As gold has risen in value, there have been the inevitable comparisons to past asset bubbles that eventually imploded. Here are a few recent examples:
•During the Great Depression, the Dow Jones Industrial Average dropped almost 90% during the period September 1929 to July 1932.
•During the Japan economic bubble in the 1980s, easy credit and soaring leverage fueled speculation in real estate and the stock market. During the “lost decade” of the 1990s, the Nikkei sank 80% and real estate values plummeted over 90%.
•The “dot-com” implosion of 2000-2002 caused the technology-laden NASDAQ stock index to lose almost 80% of its value.
•The U.S. housing collapse started in 2006 in most parts of the country, resulting in a 30% overall decline to date.
Most bubbles start completely unnoticed, but pick up steam under what is known as the “greater fool” theory. This occurs when new buyers jump in only because prices are rising, not because they think the asset is actually worth more than it was yesterday. They are willing to pay higher and higher prices because they believe they will always be able to sell later on to someone willing to pay an even higher price – the greater fool. Real estate flippers depended on a never-ending supply of such fools. So did the investors who bought Internet stocks in 1999.
While it’s easy to conclude that gold is now in bubble mode, the real question is whether or not the recent price action is based on more than pure speculation. Here are some possible considerations:
•Gold is still well below its January 1980 inflation-adjusted high of about $2,400, making some believe it still has plenty of room to run.
•The Federal Reserve is printing money (aka quantitative easing) to cause inflation (or avoid deflation). If this monetary policy continues, the long-term effect is likely to be high inflation and rising commodity prices.
•The supply of gold is limited and more can’t be created out of thin air.
•Several European countries are in severe financial stress, and there are few signs that enough structural changes are in place to put them on a sound footing. The U.S. is heading down the same path.
•The U.S. economy is currently being propped up by $1.5 trillion of annual debt, accounting for 10% of GDP. Subtract that debt, and there has been no GDP growth in the past four years. That debt is paying for about 7,000,000 jobs that would disappear overnight if the budget had to be balanced.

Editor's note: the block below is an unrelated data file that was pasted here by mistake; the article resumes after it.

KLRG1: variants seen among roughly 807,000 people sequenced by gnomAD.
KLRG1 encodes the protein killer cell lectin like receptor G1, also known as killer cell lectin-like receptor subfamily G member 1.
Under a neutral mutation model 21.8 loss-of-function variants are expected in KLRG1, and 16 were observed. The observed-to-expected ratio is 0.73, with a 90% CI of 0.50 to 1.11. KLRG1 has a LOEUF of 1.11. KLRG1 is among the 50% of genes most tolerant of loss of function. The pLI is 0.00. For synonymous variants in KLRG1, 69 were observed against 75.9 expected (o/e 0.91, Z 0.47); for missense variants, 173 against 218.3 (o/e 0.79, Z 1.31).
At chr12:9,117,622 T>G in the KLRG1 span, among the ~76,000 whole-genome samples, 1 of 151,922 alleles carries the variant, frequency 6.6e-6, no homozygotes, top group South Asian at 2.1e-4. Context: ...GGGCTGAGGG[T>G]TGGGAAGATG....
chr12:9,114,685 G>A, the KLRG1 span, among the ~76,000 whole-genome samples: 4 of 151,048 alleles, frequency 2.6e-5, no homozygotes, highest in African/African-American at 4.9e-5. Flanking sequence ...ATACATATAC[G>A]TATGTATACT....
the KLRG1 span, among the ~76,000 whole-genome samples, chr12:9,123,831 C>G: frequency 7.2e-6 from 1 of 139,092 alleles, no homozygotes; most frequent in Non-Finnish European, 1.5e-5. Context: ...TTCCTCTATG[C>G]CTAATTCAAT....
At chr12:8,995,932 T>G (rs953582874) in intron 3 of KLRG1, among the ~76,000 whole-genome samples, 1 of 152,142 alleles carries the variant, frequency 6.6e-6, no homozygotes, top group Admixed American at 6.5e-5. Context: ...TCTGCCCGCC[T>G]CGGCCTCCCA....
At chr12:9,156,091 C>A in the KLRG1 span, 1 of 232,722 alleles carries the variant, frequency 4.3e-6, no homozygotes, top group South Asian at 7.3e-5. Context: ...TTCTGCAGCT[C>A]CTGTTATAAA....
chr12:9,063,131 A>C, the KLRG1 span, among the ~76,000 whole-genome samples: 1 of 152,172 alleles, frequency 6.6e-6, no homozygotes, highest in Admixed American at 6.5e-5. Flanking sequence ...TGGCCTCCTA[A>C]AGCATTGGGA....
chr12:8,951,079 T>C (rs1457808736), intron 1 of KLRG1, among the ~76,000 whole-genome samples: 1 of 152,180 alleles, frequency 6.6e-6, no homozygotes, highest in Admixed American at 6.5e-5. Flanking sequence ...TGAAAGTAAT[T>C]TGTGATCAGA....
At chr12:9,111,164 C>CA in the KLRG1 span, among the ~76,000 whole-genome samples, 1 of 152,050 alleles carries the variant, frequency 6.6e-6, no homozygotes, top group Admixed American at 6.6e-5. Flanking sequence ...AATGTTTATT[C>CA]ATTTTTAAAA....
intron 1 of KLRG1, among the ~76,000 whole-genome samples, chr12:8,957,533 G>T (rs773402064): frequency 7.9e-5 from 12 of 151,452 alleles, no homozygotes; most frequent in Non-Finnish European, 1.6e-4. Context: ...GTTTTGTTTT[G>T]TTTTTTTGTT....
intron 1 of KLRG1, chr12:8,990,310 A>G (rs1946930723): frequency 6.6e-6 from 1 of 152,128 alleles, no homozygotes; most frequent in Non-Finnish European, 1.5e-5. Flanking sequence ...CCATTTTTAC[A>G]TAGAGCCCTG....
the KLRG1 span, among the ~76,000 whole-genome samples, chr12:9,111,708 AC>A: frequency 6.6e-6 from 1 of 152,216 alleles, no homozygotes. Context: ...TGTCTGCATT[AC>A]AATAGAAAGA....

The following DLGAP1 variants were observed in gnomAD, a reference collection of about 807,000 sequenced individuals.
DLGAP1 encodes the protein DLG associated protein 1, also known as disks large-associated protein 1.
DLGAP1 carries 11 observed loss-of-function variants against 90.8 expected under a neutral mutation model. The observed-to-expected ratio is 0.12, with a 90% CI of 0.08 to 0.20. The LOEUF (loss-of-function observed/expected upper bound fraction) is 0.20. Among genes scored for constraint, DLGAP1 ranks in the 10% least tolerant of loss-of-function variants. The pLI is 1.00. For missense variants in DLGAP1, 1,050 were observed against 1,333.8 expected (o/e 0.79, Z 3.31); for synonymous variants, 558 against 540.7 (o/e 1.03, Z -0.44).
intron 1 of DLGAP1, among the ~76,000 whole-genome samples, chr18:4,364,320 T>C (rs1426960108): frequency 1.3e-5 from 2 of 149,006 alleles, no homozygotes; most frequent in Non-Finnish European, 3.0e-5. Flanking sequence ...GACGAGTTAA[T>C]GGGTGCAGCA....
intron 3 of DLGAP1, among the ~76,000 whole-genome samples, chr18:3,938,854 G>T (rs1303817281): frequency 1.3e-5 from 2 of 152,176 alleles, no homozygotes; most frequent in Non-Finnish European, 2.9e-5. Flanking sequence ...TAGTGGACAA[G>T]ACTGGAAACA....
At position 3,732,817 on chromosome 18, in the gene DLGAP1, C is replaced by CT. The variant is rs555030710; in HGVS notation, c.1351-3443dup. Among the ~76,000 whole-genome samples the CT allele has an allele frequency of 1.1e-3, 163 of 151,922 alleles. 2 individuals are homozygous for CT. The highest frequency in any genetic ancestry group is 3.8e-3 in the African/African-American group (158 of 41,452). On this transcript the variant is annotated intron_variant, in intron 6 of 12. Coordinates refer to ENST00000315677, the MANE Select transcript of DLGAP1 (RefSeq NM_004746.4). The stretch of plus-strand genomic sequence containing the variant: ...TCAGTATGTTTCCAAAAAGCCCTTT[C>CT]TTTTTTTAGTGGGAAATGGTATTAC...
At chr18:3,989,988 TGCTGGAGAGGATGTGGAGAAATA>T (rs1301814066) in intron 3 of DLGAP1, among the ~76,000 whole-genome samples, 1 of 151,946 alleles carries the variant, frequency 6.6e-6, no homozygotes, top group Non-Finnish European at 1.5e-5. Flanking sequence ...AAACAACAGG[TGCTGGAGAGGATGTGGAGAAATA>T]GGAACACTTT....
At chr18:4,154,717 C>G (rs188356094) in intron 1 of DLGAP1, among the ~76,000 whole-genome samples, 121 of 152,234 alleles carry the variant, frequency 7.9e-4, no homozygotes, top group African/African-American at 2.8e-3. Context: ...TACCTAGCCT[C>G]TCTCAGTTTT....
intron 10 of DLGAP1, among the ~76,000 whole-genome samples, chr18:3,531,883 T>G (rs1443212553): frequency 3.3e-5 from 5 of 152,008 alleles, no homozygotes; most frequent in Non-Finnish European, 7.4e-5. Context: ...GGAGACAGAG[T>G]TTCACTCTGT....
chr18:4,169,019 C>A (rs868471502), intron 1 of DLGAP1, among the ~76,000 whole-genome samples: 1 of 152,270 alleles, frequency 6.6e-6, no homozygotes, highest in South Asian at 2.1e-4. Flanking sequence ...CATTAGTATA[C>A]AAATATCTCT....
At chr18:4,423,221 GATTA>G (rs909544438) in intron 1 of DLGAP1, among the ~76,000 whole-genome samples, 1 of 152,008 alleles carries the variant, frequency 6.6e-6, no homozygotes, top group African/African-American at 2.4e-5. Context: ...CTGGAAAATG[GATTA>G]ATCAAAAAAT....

•Twice in the last 100 years (1933 and 1980), the ratio of the Dow to the price of gold approached 1/1. Some believe we are on a path to parity once again, with gold rising and the Dow falling until they meet somewhere in between.
While gold is used in jewelry, ornamentation and limited industrial purposes, most of the current demand is being driven by governments, central banks, mutual funds and individual investors. These investors don’t really need gold, but rather see it as a hedge against inflation, famines, wars and natural disasters. Some think of gold as insurance rather than an investment, as it provides no income stream and requires secure storage.
While bubbles are often driven by emotion, the rise in gold may be tied to a rational assessment of the world economy. Growth has stalled, debts are rising, and many western nations have promised far more government services than they can now deliver. Without significant structural changes and spending cuts, the only way the U.S. can continue to provide those services is to borrow and print more money. That spells higher inflation, a weakening of the dollar and more attraction to hard assets.
If gold is in a bubble, could it be different this time? The term “bubble” implies there is no logical or defendable reason why prices have risen, and that buyers are piling on simply because they are afraid the train is about to leave the station. People have a reason to fear fiat currencies that are backed by nothing other than faith, and many view gold as a safe haven. It’s not so much that they are betting in favor of gold as they are betting against other asset classes. In addition, there is no shortage of uncertainty about the future economic health of Europe and the U.S.
What would the world look like with gold at $5,000? Most likely it would mean that we are in a period of extreme economic upheaval and possibly world chaos. So hoping for gold to rise is really a two-edged sword.
On August 24, 2011, gold was trading around $150 below its recent high. The last time gold had a pullback of that magnitude, it was a buying opportunity. Is another buying opportunity unfolding now, or is this just the start of the crash that many have predicted?
To buy or not to buy. To sell or not to sell. Unless you are a day- or swing-trader, the advice I hear most often is to think long-term and diversify. Hard assets should be a part of every portfolio depending on your risk tolerance and stage of life. Nothing goes straight up, so I view any substantial pullbacks as buying opportunities. I will probably continue to think that way until we start closing in on $2,400, or a miracle happens and financial discipline becomes a reality.